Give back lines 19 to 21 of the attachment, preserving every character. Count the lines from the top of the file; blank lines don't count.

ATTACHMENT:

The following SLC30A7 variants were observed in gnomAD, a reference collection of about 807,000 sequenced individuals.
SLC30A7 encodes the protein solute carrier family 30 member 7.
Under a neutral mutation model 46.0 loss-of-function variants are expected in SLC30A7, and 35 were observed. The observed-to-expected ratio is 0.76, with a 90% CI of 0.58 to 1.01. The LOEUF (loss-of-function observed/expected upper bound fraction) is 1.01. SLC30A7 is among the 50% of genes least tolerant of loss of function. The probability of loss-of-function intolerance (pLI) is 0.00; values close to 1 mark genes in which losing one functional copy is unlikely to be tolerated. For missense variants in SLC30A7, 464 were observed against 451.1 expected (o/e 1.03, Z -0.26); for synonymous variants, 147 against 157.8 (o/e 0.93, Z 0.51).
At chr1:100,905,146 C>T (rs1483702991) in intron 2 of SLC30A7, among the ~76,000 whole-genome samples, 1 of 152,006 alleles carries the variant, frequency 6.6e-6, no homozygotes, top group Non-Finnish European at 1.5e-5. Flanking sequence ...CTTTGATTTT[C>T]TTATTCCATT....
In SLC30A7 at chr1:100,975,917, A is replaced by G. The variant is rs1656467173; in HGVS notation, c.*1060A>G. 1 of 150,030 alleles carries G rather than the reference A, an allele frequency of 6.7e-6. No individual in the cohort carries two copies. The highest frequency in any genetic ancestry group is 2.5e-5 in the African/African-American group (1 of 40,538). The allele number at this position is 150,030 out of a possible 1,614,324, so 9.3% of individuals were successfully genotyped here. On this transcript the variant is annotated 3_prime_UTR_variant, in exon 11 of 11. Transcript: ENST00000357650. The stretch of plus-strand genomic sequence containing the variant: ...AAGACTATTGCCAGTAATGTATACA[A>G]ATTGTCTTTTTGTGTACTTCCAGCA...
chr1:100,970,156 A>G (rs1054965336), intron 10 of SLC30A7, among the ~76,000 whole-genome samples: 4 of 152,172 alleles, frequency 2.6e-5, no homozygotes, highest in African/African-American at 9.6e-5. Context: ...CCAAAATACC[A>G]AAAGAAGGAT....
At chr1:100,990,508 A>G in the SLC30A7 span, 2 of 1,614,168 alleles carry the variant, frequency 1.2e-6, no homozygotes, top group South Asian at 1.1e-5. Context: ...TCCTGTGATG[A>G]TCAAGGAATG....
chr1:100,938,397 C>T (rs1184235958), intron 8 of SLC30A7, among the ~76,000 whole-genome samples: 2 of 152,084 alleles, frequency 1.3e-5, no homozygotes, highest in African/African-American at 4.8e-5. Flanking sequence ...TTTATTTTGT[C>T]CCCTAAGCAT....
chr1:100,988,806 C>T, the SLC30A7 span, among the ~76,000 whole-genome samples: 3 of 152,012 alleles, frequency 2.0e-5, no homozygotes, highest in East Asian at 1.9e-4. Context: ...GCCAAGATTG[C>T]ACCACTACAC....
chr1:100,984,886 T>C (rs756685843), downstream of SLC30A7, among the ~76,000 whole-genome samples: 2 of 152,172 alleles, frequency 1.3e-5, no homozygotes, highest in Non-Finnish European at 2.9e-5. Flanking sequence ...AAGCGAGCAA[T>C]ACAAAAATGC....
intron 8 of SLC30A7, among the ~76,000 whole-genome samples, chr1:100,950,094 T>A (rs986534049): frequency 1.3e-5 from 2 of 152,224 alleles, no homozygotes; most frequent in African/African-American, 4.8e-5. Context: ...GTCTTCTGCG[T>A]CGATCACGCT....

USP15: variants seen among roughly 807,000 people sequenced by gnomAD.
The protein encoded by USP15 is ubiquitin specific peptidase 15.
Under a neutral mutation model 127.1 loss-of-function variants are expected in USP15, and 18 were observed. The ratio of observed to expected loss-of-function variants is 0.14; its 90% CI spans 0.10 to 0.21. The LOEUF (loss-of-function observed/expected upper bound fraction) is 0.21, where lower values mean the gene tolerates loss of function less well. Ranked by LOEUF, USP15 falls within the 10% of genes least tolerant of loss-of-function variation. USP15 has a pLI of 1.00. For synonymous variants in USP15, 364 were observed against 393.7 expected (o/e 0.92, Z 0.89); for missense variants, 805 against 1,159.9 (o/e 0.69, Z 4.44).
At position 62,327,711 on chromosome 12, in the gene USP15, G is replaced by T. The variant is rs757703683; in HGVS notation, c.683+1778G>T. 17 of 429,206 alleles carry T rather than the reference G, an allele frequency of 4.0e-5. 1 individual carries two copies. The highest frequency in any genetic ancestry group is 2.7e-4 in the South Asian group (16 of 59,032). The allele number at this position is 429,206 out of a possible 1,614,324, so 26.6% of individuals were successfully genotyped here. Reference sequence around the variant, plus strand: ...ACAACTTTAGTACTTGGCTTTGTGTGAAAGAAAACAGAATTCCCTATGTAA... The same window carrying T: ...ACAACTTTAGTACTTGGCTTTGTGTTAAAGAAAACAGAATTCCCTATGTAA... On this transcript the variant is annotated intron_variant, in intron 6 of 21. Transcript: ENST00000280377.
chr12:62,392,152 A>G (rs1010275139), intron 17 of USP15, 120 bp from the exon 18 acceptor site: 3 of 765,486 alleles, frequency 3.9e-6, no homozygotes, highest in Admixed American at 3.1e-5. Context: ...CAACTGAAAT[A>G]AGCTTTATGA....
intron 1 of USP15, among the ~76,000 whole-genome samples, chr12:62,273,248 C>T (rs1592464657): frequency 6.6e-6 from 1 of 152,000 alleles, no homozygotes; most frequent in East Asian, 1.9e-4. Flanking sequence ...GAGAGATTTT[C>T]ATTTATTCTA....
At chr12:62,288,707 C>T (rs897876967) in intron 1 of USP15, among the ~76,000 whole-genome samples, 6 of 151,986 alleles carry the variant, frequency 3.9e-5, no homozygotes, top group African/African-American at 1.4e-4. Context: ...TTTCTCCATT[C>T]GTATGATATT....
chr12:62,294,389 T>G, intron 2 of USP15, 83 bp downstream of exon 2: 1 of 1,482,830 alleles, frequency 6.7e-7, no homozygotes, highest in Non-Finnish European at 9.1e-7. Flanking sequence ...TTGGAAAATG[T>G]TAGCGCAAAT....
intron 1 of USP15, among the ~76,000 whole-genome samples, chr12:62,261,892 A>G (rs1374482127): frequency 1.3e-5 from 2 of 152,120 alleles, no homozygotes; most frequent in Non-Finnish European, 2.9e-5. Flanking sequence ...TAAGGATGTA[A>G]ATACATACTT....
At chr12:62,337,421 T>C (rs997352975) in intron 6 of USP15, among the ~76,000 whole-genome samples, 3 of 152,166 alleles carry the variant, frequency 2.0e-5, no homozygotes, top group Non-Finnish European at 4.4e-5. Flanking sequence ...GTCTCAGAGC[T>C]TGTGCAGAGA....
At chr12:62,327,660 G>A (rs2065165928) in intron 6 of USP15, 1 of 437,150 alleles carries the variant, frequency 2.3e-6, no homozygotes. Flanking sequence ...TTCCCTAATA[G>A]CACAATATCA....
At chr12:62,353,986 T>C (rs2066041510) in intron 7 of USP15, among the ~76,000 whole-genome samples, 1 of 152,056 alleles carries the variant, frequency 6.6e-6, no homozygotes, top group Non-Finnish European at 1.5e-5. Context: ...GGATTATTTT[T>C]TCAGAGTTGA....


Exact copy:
chr12:62,294,389 T>G, intron 2 of USP15, 83 bp downstream of exon 2: 1 of 1,482,830 alleles, frequency 6.7e-7, no homozygotes, highest in Non-Finnish European at 9.1e-7. Flanking sequence ...TTGGAAAATG[T>G]TAGCGCAAAT....
intron 1 of USP15, among the ~76,000 whole-genome samples, chr12:62,261,892 A>G (rs1374482127): frequency 1.3e-5 from 2 of 152,120 alleles, no homozygotes; most frequent in Non-Finnish European, 2.9e-5. Flanking sequence ...TAAGGATGTA[A>G]ATACATACTT....
At chr12:62,337,421 T>C (rs997352975) in intron 6 of USP15, among the ~76,000 whole-genome samples, 3 of 152,166 alleles carry the variant, frequency 2.0e-5, no homozygotes, top group Non-Finnish European at 4.4e-5. Flanking sequence ...GTCTCAGAGC[T>C]TGTGCAGAGA....